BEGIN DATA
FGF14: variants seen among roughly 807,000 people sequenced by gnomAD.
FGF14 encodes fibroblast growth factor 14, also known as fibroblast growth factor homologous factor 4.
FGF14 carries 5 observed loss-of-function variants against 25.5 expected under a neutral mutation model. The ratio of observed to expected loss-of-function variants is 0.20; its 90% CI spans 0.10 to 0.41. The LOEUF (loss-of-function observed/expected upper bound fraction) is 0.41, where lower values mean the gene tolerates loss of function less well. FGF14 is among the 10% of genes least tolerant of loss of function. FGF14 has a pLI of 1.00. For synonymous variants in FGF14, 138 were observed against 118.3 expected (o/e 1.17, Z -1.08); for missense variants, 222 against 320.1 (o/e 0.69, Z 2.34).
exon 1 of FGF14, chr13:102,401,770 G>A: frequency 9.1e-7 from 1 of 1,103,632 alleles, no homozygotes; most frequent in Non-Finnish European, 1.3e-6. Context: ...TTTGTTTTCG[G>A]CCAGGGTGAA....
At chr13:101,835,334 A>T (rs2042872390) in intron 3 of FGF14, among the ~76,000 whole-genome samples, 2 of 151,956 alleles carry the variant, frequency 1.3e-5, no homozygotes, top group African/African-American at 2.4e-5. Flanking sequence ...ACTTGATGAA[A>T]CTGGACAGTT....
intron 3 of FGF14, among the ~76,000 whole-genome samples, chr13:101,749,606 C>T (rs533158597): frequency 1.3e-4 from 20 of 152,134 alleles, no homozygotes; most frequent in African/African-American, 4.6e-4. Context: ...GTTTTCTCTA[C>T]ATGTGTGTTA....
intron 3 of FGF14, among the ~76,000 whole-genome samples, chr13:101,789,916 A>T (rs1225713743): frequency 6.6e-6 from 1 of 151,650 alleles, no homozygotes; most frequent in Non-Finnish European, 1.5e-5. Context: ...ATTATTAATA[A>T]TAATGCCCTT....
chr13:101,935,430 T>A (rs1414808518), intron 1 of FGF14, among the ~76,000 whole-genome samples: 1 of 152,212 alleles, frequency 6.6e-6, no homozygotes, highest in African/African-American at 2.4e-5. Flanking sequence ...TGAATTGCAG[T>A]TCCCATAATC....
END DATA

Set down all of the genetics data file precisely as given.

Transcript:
FGF14: variants seen among roughly 807,000 people sequenced by gnomAD.
FGF14 encodes fibroblast growth factor 14, also known as fibroblast growth factor homologous factor 4.
FGF14 carries 5 observed loss-of-function variants against 25.5 expected under a neutral mutation model. The ratio of observed to expected loss-of-function variants is 0.20; its 90% CI spans 0.10 to 0.41. The LOEUF (loss-of-function observed/expected upper bound fraction) is 0.41, where lower values mean the gene tolerates loss of function less well. FGF14 is among the 10% of genes least tolerant of loss of function. FGF14 has a pLI of 1.00. For synonymous variants in FGF14, 138 were observed against 118.3 expected (o/e 1.17, Z -1.08); for missense variants, 222 against 320.1 (o/e 0.69, Z 2.34).
exon 1 of FGF14, chr13:102,401,770 G>A: frequency 9.1e-7 from 1 of 1,103,632 alleles, no homozygotes; most frequent in Non-Finnish European, 1.3e-6. Context: ...TTTGTTTTCG[G>A]CCAGGGTGAA....
At chr13:101,835,334 A>T (rs2042872390) in intron 3 of FGF14, among the ~76,000 whole-genome samples, 2 of 151,956 alleles carry the variant, frequency 1.3e-5, no homozygotes, top group African/African-American at 2.4e-5. Flanking sequence ...ACTTGATGAA[A>T]CTGGACAGTT....
intron 3 of FGF14, among the ~76,000 whole-genome samples, chr13:101,749,606 C>T (rs533158597): frequency 1.3e-4 from 20 of 152,134 alleles, no homozygotes; most frequent in African/African-American, 4.6e-4. Context: ...GTTTTCTCTA[C>T]ATGTGTGTTA....
intron 3 of FGF14, among the ~76,000 whole-genome samples, chr13:101,789,916 A>T (rs1225713743): frequency 6.6e-6 from 1 of 151,650 alleles, no homozygotes; most frequent in Non-Finnish European, 1.5e-5. Context: ...ATTATTAATA[A>T]TAATGCCCTT....
chr13:101,935,430 T>A (rs1414808518), intron 1 of FGF14, among the ~76,000 whole-genome samples: 1 of 152,212 alleles, frequency 6.6e-6, no homozygotes, highest in African/African-American at 2.4e-5. Flanking sequence ...TGAATTGCAG[T>A]TCCCATAATC....